Lawyers “markedly” worse at business development than other professionals

Hands up: only 58% of lawyers who should be doing BD actually are

Law firms are “markedly” worse at business development and client management than other professional services practices, research has found.

The study also revealed that just 58% of lawyers who should be involved in business development at their firms actually are, far lower than accountancy, engineering and property professionals.

The survey by business development specialist PACE Partners, which looked at what processes were in place and how effective they were across the four disciplines, said that just a fifth of those lawyers who were supposed to be involved in business development were perceived as either good or excellent at it, compared to half of accountants.

Although law firms considered business development to be very important, their performance was lower than all other disciplines. For example, while 80% of fee-earners at law firms were meant to be involved in business development, PACE discovered that just 46% of them are. Key client management was seen by lawyers as a particular weakness, although they thought their strengths included targeting and developing new clients, client service/client care processes, and bid/proposal processes.

The survey found that lawyers considered aligning business development with reward and recognition to be far more important than the other disciplines. “This suggests that incongruent recognition and reward systems are, or would be, much higher barriers to the introduction of good business development processes than elsewhere,” it said.

PACE founder Paul Denvir, author of the report, said he was not surprised by the results: “Law firms started focusing on their business development only relatively recently and have spent far less time doing it than other businesses.” He indentified “a greater sense of individuality” among fee-earners as a particular problem for law firms.

Mr Denvir said that businesses generally improved by focusing their efforts into managing business development and supporting the individual. He added that word of mouth and the help of partners and peers were also necessary to help a firm evolve.

The research found that firms which have implemented business development processes describe “significant benefits”. But in order to do so, firms have had to overcome a range of barriers, including unwillingness to change, complex structures with a number of disparate practice areas, lack of time and other resources, lack of strong management and leadership, and a lack of skills in fee-earners and/or the business development team.

It added: “The experience of the respondents makes it clear that the secrets of success in overcoming these barriers include strong, supportive, committed leadership by senior management, a small number of influential champions, robust leadership of the implementation of the new processes, a focus on maintaining momentum and commitment, strong leadership of and by the BD team and training. Interestingly five of those six ‘secrets of success’ involve leadership.”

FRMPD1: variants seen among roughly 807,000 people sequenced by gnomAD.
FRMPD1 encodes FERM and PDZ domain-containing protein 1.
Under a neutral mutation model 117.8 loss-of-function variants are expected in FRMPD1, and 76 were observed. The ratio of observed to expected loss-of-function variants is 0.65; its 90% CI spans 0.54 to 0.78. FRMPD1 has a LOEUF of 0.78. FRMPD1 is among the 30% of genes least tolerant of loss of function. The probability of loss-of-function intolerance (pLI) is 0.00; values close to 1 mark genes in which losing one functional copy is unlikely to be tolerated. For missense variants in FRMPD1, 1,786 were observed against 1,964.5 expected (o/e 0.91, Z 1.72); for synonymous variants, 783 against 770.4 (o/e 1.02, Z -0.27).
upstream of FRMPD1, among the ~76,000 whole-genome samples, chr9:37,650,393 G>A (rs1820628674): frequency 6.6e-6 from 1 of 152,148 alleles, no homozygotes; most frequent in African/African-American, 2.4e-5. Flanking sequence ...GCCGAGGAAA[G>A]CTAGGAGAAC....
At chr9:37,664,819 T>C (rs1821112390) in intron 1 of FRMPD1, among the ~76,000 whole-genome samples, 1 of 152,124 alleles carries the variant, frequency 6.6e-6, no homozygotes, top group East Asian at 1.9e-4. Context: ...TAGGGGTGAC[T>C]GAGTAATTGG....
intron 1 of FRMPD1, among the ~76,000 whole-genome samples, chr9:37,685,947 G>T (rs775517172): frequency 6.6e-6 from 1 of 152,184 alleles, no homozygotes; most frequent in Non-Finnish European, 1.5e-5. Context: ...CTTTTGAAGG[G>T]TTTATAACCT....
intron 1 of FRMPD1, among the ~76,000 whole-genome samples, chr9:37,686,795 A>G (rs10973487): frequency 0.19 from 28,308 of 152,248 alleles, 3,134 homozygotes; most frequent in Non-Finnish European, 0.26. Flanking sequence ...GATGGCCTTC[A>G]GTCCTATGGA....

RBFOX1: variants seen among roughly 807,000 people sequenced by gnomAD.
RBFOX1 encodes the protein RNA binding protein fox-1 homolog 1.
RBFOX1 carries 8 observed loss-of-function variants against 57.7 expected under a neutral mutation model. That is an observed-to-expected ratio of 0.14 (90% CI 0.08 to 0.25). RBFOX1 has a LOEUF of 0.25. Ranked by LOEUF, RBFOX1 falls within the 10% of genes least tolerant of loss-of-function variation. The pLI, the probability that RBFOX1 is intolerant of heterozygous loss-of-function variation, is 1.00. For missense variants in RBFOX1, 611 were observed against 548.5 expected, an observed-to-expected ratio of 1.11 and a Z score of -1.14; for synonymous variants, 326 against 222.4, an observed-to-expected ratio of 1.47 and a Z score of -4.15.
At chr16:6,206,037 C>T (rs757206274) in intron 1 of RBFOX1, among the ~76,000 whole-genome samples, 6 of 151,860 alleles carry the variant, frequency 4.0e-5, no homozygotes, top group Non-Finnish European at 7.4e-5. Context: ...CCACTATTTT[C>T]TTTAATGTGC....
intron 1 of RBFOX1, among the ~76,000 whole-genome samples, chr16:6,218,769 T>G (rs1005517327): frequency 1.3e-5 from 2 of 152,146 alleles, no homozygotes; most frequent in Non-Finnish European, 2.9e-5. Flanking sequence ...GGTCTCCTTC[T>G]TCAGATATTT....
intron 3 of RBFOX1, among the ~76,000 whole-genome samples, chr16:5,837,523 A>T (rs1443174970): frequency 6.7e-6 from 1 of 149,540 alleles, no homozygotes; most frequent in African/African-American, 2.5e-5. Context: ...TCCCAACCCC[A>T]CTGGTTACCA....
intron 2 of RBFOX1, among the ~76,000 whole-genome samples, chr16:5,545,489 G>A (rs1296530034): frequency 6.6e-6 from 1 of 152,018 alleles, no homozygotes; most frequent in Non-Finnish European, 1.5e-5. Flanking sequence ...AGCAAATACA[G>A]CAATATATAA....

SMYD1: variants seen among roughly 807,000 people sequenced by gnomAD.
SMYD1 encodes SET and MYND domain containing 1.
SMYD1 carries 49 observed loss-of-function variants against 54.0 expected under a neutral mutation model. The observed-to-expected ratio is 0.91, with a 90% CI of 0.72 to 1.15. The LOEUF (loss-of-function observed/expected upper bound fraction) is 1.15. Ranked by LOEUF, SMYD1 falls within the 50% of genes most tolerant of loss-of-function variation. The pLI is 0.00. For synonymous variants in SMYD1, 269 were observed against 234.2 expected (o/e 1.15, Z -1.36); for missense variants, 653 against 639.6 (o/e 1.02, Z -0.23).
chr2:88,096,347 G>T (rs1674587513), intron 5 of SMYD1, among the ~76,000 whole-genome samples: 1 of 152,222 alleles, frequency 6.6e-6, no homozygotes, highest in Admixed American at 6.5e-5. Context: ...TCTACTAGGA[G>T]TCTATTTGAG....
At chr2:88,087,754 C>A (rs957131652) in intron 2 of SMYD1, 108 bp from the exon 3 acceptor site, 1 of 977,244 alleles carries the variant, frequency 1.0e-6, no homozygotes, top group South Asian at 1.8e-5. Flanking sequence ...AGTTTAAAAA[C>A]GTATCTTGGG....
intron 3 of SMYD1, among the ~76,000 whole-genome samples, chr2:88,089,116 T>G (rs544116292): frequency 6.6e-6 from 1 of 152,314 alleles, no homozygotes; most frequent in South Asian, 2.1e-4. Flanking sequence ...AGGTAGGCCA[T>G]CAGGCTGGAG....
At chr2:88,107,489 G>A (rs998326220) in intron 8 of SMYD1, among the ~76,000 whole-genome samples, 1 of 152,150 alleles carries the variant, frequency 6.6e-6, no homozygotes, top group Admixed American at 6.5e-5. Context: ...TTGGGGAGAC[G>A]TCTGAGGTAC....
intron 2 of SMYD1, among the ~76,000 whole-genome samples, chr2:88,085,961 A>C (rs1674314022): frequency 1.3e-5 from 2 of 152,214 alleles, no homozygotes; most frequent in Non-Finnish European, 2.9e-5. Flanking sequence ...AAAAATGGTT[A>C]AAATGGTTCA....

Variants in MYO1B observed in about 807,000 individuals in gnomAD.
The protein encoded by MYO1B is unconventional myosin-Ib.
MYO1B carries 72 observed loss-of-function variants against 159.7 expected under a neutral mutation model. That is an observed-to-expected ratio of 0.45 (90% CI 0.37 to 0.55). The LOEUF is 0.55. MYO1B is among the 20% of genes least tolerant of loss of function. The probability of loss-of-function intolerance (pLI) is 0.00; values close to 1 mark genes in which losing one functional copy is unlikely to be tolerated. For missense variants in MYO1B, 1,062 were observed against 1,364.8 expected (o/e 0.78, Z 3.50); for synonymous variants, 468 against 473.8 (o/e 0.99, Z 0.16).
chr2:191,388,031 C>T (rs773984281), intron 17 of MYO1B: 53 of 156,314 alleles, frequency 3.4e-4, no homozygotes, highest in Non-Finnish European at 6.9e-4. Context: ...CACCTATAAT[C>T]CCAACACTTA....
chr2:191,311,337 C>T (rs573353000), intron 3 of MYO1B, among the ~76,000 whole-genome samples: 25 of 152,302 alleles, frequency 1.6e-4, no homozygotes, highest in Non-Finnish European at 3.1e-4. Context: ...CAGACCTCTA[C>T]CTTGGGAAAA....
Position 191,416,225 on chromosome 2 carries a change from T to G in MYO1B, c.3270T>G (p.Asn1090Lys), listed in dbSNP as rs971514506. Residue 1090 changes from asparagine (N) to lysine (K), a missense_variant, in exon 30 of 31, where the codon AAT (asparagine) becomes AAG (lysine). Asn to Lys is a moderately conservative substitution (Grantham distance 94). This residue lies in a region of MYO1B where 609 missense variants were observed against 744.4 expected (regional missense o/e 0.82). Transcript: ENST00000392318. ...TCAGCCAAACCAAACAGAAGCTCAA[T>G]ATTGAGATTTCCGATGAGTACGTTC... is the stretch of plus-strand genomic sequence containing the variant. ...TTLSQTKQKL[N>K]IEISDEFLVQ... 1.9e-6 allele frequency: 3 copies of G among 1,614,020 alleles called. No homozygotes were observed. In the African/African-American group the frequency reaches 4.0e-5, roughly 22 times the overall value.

Readers Comments

  • “Why should I bust a gut, I’m not a legal partner
    so I ain’t gonna earn more out of doing this!”

    That’s something you hear in all firms.

    It made me think of the “up or out” system within law firms.

    If you are good enough you make partner and share in the success.

    If not, you’re part of the “rest”.

    At least that’s how it seems to many people that work as lawyers.

    If there’s a “them and us” culture in your firm it means that people are not co-operating.

    It’s more likely that they are competing.

    Many people assume wrongly that competition brings out the best in people.

    And the Darwinian “survival of the fittest” is often
    used as a scientific justification of this type of approach.

    But does competition really help your law firm internally?

    When someone wins – someone loses. And 99% of people have been taught they
    if they are not winners they are losers.

    And if you lose how does it affect you and your staff?

    If the answer is negatively then you are duty bound to find an alternative.

    And that is co-operation. Co-operation is win/win.
    It’s coaching staff so that you can transfer knowledge

    It’s finding best practise and disseminating it,

    It’s scheduling work so that everyone gets interesting things to work on.

    It’s not having favourites

    It’s saying someone is different not better,

    It’s helping not hindering.

    Think about how Amazon allows co-operation between store owners and buyers.

    Or how Linux allows programmers to co-operate on open source software.

    Or how Betfair lets punters bet against each other.

    There’s an old football saying that there is no i in team.

    So if you aren’t referring internally, working with business as partners
    or simply taking the time to help each other then you are probably over-competing.

    Try a bit of un-learning.

    Try a bit more co-operation in your law firm.

    Put on your next management meeting the words.
    How Can We Co-operate More In Our Firm
    And Externally With Partners To Make Our Business Win Win?

    And make sure you invite all staff to contribute with
    their ideas as to how you can market your solicitors firm better.

    PS It is not the case that Darwin coined the term “survival of the fittest”.
    When you think about it, his theories demonstrated that by co-operating
    in distinct niches animals had the best chance of surviving.
    It was the exploitation of these niches that was observed.

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